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First Edition: April 23, 2020

Today’s early morning highlights from the major news organizations.


Kaiser Health News:
The Other COVID Risks: How Race, Income, ZIP Code Influence Who Lives Or Dies


It started with a headache in late March. Then came the body aches. At first, Shalondra Rollins’ doctor thought it was the flu. By April 7, three days after she was finally diagnosed with COVID-19, the 38-year-old teaching assistant told her mom she was feeling winded. Within an hour, she was in an ambulance, conscious but struggling to breathe, bound for a hospital in Jackson, Mississippi. (Szabo and Recht, 4/22)


Kaiser Health News:
OSHA Probing Health Worker Deaths But Urges Inspectors To Spare The Penalties


The Occupational Safety and Health Administration has in recent weeks launched investigations into deaths of workers at 34 health care employers across the U.S., federal records show, but former agency officials warn that the agency has already signaled it will only cite and fine the most flagrant violators. The investigations come as health care workers have aired complaints on social media and to lawmakers about a lack of personal protective equipment, pressure to work while sick, and retaliation for voicing safety concerns as they have cared for more than 826,000 patients stricken by the coronavirus. (Jewett and Luthra, 4/22)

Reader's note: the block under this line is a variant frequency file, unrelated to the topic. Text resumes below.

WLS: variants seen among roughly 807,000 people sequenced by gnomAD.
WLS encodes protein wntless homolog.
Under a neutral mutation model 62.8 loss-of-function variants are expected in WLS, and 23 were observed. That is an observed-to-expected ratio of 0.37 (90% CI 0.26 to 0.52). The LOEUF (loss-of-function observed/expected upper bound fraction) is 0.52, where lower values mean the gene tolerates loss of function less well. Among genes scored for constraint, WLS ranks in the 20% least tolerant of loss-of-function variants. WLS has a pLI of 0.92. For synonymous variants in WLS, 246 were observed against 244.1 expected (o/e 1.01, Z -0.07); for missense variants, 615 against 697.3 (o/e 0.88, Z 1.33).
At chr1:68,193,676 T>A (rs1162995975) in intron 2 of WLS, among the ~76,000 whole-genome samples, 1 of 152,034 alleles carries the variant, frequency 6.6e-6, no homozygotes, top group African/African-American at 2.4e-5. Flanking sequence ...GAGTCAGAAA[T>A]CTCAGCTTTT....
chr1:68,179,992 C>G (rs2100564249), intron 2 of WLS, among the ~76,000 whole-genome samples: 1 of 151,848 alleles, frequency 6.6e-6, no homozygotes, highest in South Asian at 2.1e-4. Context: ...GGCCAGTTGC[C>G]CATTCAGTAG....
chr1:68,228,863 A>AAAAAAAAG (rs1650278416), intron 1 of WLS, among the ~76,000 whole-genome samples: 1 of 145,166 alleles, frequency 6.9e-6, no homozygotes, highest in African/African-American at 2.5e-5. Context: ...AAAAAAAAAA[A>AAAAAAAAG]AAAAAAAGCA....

Kaiser Health News:
Biden Says OSHA Isn’t Doing Enough To Protect Workers’ From COVID-19


During an April 15 virtual town hall meeting with front-line workers, former Vice President Joe Biden, the Democrats’ presumptive nominee for the White House, was asked by a meat processing worker what he would do to protect workers like her from COVID-19. “We lost a co-worker at my plant because there is no regulation to protect meat chain employees,” said Safaa Elzakzoky, who is also a member of the United Food and Commercial Workers International Union. “We can’t work safely and get people the meat that they need to eat. So what would you do to protect a worker like my friend who just died?” (Knight, 4/23)


Kaiser Health News:
Coronavirus Crisis Opens Access To Online Opioid Addiction Treatment


Opioid addiction isn’t taking a break during the coronavirus pandemic. But the U.S. response to the viral crisis is making addiction treatment easier to get. Under the national emergency declared by the Trump administration in March, the government has suspended a federal law that required patients to have an in-person visit with a physician before they could be prescribed drugs that help quell withdrawal symptoms, such as Suboxone. (Galewitz, 4/23)